Frederick Puddester Named Williams College Vice President for Finance and Administration

Media contact:  James Kolesar, assistant to the president for public affairs; tele: (413) 597-4233; email:[email protected]

WILLIAMSTOWN, Mass., May 5, 2011 – Concluding a six-month national search, Williams College today announced the appointment of Frederick Puddester as Vice President for Finance and Administration. Puddester, whom Williams President Adam Falk said brings “exceptional experience as a financial officer and administrator,” will begin in his new role July 1.

Frederick Puddester
photo courtest of homewoodphoto.jhu.edu

Puddester is currently senior associate dean for finance and administration at the Johns Hopkins University Zanvyl Krieger School of Arts and Sciences, which Falk led as dean from 2006 to 2010.

“Faculty and staff in Arts and Sciences have great respect for Fred as a skilled financial officer who’s worked closely with faculty and staff in marshalling financial resources in support of the school’s educational mission and in making clear for decision makers the tradeoffs involved in the choices they face,” Falk said in an announcement to the Williams community. In his current role, Puddester is responsible for developing revenue and expenditure projections, formulating financial plans for academic initiatives and capital projects, administering the operating reserves, and managing the school’s debt.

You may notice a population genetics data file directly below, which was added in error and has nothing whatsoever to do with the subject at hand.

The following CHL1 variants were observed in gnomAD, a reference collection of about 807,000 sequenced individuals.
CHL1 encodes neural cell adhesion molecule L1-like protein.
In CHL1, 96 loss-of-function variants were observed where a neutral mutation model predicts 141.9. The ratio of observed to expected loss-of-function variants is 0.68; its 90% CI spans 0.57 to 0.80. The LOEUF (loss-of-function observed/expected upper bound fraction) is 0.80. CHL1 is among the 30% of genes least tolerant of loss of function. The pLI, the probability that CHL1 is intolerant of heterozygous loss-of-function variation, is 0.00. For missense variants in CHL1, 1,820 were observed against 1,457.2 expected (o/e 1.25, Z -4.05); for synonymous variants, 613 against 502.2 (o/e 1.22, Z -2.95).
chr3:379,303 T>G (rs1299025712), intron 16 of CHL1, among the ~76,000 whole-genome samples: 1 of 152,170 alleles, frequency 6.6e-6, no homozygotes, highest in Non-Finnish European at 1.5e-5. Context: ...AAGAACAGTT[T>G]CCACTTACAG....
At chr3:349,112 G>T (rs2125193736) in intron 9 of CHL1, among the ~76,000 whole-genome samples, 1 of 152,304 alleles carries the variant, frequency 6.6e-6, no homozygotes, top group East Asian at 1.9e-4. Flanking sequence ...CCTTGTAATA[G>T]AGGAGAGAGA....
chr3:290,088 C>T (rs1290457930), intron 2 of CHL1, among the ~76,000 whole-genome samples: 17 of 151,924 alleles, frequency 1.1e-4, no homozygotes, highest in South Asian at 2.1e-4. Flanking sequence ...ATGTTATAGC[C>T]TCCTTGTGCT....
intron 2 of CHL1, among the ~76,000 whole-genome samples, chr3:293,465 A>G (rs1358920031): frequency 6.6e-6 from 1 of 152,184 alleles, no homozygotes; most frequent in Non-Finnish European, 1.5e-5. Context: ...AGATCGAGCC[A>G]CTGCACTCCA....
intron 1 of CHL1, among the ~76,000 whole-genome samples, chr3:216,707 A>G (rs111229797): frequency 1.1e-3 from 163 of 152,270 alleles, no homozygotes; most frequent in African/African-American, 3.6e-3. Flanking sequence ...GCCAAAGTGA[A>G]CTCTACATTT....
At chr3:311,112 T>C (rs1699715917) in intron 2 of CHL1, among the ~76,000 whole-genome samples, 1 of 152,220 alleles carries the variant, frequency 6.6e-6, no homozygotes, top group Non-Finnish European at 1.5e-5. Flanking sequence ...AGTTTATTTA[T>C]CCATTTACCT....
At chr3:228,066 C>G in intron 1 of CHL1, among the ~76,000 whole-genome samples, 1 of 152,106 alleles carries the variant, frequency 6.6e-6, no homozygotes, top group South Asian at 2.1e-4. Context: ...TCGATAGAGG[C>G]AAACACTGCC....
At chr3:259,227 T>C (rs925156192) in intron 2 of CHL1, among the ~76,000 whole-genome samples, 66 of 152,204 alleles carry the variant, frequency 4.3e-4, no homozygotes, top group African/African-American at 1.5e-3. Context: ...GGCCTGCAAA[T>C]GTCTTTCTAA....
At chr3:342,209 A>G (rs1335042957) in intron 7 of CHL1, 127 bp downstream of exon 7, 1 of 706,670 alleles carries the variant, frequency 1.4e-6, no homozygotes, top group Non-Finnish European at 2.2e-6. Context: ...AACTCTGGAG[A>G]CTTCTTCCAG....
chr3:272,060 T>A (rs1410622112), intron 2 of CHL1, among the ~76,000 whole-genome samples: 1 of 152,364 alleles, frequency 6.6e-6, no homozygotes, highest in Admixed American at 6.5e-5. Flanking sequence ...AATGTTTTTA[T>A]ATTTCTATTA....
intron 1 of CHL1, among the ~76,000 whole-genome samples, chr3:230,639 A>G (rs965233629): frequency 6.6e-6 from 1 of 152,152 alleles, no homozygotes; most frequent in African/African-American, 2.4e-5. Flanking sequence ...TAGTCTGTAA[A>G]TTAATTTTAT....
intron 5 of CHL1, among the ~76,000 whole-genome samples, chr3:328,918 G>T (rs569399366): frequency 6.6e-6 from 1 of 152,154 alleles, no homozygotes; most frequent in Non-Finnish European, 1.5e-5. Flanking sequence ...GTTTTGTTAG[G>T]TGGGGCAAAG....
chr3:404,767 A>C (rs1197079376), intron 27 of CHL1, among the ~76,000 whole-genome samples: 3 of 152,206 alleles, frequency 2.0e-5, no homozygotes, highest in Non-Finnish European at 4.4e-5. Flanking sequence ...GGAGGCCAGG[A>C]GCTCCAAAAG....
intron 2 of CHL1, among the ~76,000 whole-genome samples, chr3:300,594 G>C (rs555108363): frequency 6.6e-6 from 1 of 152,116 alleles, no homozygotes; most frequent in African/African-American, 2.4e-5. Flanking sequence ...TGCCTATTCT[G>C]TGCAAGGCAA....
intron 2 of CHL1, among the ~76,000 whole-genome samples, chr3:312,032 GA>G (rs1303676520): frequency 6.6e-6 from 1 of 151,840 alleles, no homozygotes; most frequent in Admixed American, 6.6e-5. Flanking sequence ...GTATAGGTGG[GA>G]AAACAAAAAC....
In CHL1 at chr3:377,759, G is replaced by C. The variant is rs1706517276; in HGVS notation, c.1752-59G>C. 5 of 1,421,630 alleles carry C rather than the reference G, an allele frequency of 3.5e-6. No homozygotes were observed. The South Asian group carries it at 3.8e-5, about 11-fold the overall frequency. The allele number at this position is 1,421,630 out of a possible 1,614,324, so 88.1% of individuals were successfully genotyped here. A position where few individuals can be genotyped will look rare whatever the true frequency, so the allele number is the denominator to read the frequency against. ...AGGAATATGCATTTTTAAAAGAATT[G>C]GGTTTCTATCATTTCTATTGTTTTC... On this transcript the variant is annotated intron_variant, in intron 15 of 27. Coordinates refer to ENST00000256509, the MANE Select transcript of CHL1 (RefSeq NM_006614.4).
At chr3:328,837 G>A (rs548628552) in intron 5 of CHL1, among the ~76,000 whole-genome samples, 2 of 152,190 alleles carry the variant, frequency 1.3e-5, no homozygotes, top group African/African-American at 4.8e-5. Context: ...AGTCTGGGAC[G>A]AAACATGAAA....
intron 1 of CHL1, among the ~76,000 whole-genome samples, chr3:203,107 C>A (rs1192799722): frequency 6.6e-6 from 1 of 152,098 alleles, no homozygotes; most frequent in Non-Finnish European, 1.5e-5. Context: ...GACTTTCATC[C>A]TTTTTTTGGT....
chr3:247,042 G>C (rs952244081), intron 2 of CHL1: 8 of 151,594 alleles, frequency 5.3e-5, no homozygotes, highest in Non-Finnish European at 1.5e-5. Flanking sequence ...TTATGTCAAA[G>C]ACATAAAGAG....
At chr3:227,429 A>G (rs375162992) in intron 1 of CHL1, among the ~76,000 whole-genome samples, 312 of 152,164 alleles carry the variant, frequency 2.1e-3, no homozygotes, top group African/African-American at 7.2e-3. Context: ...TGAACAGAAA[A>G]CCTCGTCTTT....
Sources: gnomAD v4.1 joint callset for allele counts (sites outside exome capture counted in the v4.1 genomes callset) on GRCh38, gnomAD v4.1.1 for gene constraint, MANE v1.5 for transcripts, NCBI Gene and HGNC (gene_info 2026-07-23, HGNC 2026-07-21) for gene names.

Among his achievements at the Krieger School were redesigning a more open budget process that increased the engagement of department chairs, enhancing faculty input to the design of capital projects and laboratory renovations, and establishing a student-driven sustainability capital program.

Prior to becoming associate dean in 2007, Puddester served for seven years as the executive director of budget and financial planning for Johns Hopkins University, responsible for developing the university-wide budget and its five-year fiscal plan.

Puddester spent two decades in Maryland state government, including four years as secretary of the Department of Budget and Management, serving as principal adviser to the governor on the state operating and capital budgets, tax policy, human resources and benefits, procurement, and information technology policy. In that cabinet-level position, Puddester was responsible for the development and execution of Maryland’s $19 billion operating budget and $500 million capital budget, and he managed human resources and benefits for all state employees.

He served from 1991 to 1995 as deputy secretary of the Department of Budget and Management, and for a year as deputy chief of staff to the governor. From 1989 to 1991, he was the state’s director of finance in the Department of Budget and Fiscal Planning.